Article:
A blog by the staff of the Thomas Ford Memorial Library
When poor British school girl Margaret Powell was thirteen, she won a scholarship to continue her education, but when her parents discovered it would be five more years before their daughter could earn a wage, they said “no” to the offer. She was pulled out of school and hired as a day maid that year. When she turned fourteen, she was hired by a laundry that fired her a year later because a fourteen year old could be paid less. Within another year, her mother placed her as a kitchen maid in a big house, where her duties included making the morning fires, polishing the brass railings and door knockers, and ironing her employer’s shoe laces before anyone in the great family was awake. Then she was all day in the kitchen. Being in the lowest of low positions, working for next to nothing, she was at least sheltered and no longer a mouth for her parents to feed. Some children worked as hard in the 1920s as they had in the time of Charles Dickens.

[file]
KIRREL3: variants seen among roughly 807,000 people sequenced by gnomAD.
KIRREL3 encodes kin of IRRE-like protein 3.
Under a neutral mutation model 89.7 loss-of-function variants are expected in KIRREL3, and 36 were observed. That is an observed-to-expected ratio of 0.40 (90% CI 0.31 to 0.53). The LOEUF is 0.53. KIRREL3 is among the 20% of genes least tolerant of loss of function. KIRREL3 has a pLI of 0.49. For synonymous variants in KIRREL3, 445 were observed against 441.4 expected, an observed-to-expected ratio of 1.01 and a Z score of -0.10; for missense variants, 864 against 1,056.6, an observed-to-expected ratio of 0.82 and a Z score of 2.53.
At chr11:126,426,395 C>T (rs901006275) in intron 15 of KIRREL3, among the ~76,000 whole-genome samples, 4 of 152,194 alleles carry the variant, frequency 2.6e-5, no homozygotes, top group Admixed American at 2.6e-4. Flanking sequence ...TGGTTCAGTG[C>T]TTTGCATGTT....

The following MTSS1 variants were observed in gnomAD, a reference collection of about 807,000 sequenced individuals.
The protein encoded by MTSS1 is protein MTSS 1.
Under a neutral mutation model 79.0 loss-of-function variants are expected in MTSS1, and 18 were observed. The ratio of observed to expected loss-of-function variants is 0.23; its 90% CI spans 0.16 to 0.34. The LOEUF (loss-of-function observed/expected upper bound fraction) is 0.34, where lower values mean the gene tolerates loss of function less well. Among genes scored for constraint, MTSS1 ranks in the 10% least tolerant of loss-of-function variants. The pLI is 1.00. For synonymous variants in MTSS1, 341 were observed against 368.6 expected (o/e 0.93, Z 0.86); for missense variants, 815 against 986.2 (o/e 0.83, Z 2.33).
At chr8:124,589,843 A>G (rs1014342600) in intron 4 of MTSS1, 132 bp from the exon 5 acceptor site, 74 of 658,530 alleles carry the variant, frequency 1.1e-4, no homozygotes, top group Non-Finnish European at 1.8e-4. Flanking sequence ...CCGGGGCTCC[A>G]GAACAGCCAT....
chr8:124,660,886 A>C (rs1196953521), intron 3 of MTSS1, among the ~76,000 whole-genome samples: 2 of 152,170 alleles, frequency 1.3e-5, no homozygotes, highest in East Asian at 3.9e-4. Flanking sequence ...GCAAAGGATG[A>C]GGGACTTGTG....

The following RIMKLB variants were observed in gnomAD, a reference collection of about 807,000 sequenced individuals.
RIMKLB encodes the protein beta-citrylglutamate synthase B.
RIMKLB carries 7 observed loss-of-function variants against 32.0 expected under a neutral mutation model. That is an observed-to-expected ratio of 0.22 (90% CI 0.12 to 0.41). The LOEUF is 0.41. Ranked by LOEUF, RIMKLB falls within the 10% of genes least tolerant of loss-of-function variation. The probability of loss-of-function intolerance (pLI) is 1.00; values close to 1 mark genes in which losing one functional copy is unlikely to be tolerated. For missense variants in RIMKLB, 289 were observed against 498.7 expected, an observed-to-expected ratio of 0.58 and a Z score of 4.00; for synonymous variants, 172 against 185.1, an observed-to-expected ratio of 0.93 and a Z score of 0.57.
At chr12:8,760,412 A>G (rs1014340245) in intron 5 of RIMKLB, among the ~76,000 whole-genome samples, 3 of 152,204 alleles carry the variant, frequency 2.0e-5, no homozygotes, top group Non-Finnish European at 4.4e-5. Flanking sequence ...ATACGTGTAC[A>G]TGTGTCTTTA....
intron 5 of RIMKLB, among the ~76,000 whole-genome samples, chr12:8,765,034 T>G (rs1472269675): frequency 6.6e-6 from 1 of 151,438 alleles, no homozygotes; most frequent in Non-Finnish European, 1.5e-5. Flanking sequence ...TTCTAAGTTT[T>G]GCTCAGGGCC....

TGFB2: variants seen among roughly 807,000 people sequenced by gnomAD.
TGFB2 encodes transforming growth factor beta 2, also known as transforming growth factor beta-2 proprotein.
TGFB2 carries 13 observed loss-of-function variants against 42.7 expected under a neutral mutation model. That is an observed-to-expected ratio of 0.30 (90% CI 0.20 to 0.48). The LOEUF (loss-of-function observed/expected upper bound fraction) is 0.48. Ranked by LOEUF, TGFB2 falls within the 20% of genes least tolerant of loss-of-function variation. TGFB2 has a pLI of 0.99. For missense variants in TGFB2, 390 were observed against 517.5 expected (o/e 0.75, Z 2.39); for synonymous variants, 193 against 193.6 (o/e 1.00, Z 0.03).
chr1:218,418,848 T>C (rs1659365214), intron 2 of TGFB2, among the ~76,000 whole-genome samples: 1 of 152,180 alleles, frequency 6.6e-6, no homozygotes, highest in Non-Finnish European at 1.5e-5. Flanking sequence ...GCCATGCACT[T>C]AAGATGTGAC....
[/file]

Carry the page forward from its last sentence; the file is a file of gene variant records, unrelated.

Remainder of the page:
Having been a good student and a constant reader, Margaret aspired to leave service from the beginning, but it took her a couple of decades. In that time, she advanced through a number of kitchen positions in houses big and small, meeting many lifelong servants with many stories to tell. She recounted these times with humor and a sense of outrage in her 1968 book Below Stairs, just now published in the United States. The subtitled for the new edition claims the British book inspired the writing of scripts for both the 1970s TV series Upstairs, Downstairs and the new series Downton Abbey. Statements from creators of both series are found on the book jacket as proof. Fans of either or both series will delightfully recall many scenes as read.
For a book that is touted to have had such an impact, it is fairly short and quick to read. Discussion groups might like to pair it with episodes of either series or the book Remains of the Day. – Review by Rick